Conscious Curation is the New Minimalism

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In a friend's living room a few months ago, I couldn't take my eyes off the huge photograph on her wall, depicting a bridge crossing to a foggy forest. It wasn't just the massive size of the canvas that caught my eye; somehow, I just knew there was a story to it.

So I asked my friend, thinking maybe it was a photograph she had taken, or was a place that was special to her. It was neither of these things (it was from Ikea) but there was a story there. The photo reminds her of her walk with God. As she walks her path of life, it can feel like she's on a wobbly bridge, and she can't clearly see what's ahead or how far it is - but she does know there is life there on the other side, trees rising in the fog, and she's emboldened to walk through fear and uncertainty because it will be worth it.

There were other things on her walls, too, that had a special meaning to her. Have you ever been in someone's home and sensed this too - sensed that everything there was chosen with care and love?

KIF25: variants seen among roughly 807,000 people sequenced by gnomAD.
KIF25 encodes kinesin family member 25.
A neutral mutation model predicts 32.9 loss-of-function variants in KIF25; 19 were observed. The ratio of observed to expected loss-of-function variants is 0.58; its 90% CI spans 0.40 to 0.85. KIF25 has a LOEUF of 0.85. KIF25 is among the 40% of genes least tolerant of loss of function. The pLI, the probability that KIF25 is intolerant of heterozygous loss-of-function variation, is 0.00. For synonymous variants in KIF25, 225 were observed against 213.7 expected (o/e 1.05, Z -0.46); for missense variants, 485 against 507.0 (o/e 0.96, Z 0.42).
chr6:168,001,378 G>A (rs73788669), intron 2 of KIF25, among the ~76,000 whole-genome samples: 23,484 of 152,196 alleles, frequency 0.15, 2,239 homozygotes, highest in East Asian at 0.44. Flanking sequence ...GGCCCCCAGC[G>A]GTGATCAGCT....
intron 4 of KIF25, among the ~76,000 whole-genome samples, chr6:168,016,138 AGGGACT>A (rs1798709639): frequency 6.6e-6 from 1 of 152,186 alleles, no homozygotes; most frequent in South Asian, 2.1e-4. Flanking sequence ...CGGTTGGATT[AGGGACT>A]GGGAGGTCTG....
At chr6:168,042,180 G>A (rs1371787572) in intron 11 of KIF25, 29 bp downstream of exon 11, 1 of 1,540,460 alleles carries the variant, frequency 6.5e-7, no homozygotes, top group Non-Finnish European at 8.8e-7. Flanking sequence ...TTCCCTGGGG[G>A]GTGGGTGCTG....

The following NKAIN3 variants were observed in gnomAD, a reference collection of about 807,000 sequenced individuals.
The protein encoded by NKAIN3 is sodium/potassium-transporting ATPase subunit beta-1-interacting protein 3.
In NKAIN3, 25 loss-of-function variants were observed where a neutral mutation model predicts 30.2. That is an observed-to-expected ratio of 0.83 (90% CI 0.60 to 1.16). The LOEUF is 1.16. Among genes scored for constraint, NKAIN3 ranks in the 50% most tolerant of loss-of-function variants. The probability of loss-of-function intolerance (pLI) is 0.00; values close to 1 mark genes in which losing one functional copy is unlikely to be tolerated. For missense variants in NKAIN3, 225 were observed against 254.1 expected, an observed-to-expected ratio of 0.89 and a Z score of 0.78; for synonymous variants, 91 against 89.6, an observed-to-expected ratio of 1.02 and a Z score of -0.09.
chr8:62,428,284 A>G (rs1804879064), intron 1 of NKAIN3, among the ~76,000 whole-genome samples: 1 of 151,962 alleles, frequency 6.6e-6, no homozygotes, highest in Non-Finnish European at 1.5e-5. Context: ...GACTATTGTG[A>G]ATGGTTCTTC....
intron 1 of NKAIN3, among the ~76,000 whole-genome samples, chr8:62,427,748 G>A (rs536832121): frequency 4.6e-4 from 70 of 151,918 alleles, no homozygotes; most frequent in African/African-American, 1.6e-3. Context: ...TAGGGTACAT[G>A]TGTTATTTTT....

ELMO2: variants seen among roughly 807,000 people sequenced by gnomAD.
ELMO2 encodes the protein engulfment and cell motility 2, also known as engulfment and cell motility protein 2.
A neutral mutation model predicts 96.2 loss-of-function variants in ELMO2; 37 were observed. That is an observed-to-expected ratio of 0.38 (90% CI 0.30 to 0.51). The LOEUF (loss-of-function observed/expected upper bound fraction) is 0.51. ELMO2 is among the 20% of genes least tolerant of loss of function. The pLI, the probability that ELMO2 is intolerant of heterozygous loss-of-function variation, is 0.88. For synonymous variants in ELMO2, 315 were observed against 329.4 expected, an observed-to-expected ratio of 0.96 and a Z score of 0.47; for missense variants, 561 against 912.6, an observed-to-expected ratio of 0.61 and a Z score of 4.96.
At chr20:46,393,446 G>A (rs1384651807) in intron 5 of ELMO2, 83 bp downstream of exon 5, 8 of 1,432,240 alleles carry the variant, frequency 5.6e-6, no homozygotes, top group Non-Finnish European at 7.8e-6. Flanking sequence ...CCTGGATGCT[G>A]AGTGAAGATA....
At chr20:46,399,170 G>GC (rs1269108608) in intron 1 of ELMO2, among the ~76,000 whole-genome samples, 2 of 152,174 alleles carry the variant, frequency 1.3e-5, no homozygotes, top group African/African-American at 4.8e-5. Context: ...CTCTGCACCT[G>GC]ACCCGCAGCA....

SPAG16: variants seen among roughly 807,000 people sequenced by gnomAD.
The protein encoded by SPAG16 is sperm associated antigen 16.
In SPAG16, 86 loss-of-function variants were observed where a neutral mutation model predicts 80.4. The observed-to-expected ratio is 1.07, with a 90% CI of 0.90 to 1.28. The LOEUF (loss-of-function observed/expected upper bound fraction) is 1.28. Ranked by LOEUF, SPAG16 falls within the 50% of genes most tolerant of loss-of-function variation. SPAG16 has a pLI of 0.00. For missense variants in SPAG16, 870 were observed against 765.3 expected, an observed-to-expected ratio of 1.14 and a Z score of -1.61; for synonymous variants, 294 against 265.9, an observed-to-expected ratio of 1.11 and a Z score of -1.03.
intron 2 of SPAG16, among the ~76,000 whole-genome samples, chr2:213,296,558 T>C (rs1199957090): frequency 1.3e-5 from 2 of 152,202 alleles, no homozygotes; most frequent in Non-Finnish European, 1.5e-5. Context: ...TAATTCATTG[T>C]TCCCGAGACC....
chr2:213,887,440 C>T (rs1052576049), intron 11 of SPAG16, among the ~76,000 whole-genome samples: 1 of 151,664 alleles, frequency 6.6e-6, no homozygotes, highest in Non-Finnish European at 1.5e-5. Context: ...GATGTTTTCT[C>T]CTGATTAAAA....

A few minutes later, we were chatting about ethical shopping and how it can mean so many things. She brought up minimalism, and I shared how I feel a bit torn: I like the idea of it in part, but are we bad minimalists when we want to buy things we don't need? That doesn't feel right. The quantity of decorations on her wall couldn't be considered minimal, but each was chosen with care. Is there not a place for things like a huge photograph with a special meaning, or items that truly bring us joy because of their beauty - particularly if we make an effort to purchase ethically made goods? Ever since our conversation, I've continued chewing on this.